British workers set to retire on less than minimum wage

”British

According to Fidelity’s third annual retirement index, British workers are set to retire on less than the minimum wage.

A typical worker will see their earnings fall by over 50% on reaching retirement to just £215 per week - less than the income of someone who works 40 hours a week on the minimum wage of £5.52 an hour.

Fidelity revealed that this means people are set to see their total income, including state and private pensions, fall by 53% on reaching retirement.

Last year, Fidelity’s index showed that workers could expect a 50% fall in income. However, the index, which is built on financial modelling and a survey of over 1,000 people, did show that the latest figure is an improvement on the first of the three years, when workers were in line for a 58% fall in income.

According to Fidelity, overall prospects could deteriorate considerably as defined final salary schemes are replaced with contribution pensions.

Those in defined benefit schemes have pensions typically linked to final salary and length of service, and can expect to retire on two-thirds of pay after 40 years of service.

However, members of defined contribution schemes, where income relies on contribution levels and investment performance, can expect just 38% of salary in retirement.

Commenting on the findings, Simon Fraser of Fidelity International, said there is nothing inherently wrong with defined contribution pensions. In fact, defined benefit is arguably a better solution for today’s highly mobile workforce.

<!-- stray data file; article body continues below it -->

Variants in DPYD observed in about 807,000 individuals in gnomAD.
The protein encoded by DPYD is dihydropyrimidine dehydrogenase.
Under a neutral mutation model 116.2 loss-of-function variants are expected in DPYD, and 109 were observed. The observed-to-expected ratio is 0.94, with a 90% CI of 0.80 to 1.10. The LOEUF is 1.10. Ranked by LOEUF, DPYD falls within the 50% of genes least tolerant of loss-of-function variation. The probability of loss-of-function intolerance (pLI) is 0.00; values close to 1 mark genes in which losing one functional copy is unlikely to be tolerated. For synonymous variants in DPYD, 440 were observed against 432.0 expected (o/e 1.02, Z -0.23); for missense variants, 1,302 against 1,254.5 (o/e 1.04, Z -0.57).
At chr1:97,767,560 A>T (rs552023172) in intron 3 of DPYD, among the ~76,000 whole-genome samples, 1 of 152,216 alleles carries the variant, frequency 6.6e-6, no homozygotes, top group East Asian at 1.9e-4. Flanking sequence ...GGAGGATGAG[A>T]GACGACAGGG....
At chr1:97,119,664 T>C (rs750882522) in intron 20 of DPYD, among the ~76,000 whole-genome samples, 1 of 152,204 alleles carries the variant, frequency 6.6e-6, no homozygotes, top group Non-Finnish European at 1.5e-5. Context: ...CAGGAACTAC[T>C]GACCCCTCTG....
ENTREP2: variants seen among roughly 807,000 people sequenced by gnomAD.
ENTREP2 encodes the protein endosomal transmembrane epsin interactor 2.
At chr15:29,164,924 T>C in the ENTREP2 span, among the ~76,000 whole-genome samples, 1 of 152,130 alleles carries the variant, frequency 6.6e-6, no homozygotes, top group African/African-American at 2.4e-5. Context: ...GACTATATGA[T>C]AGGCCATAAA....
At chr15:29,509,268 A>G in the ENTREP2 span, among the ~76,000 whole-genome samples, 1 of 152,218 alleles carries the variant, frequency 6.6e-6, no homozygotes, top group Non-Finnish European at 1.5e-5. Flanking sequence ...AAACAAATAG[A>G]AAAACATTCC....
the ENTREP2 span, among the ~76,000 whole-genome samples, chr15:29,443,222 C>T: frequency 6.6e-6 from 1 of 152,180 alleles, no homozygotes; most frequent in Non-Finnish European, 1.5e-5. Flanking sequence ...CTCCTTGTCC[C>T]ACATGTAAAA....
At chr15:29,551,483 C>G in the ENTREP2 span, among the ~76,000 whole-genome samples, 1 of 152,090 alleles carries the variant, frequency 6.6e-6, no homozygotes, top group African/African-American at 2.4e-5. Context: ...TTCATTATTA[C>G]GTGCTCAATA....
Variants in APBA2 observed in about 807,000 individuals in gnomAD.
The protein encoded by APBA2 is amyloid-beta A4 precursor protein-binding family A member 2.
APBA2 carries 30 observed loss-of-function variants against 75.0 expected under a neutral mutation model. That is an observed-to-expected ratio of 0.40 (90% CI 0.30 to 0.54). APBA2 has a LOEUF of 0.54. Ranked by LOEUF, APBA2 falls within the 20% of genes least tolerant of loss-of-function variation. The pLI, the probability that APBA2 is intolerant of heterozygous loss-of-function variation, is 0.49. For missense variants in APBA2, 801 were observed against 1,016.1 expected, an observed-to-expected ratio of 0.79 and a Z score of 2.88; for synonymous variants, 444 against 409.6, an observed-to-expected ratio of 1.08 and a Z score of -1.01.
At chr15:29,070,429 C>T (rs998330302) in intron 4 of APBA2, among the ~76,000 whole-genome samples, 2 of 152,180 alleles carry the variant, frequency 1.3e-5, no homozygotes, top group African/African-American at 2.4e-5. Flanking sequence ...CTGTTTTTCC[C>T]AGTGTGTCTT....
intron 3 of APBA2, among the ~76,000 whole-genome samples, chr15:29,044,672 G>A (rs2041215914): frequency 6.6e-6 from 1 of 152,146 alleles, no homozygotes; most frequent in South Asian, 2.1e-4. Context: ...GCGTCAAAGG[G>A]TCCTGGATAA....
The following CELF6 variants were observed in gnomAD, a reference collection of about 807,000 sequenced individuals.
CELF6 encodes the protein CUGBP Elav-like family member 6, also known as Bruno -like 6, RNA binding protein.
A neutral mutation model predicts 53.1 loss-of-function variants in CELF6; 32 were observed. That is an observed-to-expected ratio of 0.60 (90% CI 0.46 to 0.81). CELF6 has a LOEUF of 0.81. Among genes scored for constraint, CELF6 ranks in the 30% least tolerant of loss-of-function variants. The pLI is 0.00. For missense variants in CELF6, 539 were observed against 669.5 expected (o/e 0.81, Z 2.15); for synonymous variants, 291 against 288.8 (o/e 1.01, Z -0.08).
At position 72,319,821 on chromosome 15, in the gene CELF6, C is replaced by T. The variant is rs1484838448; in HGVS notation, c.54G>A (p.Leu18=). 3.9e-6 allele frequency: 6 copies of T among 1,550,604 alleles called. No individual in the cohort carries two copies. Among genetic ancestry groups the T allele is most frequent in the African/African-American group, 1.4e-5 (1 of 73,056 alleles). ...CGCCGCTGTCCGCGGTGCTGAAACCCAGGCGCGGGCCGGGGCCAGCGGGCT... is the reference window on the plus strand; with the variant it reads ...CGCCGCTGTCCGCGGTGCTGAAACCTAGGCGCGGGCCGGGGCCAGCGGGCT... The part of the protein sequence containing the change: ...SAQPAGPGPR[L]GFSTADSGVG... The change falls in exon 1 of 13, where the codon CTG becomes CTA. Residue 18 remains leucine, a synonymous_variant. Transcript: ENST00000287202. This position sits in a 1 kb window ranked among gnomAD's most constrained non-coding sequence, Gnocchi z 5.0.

However, the move from defined benefit to defined contribution is often accompanied by a review of contribution levels, sometimes to the detriment of employees, added Mr Fraser.

It is a shocking thought that, if this is not corrected, we could see the emergence of a generation of private pension paupers, concluded Mr Fraser.

Tom McPhail, head of pensions research at independent financial services firm Hargreaves Lansdown, is urging individuals to take responsibility for their own retirement provision.

Tags: , , workers


Comments (0)

Trackback URL | Comments RSS Feed

There are no comments yet. Why not be the first to speak your mind.

Leave a Reply


Visited 1929 times, 1 so far today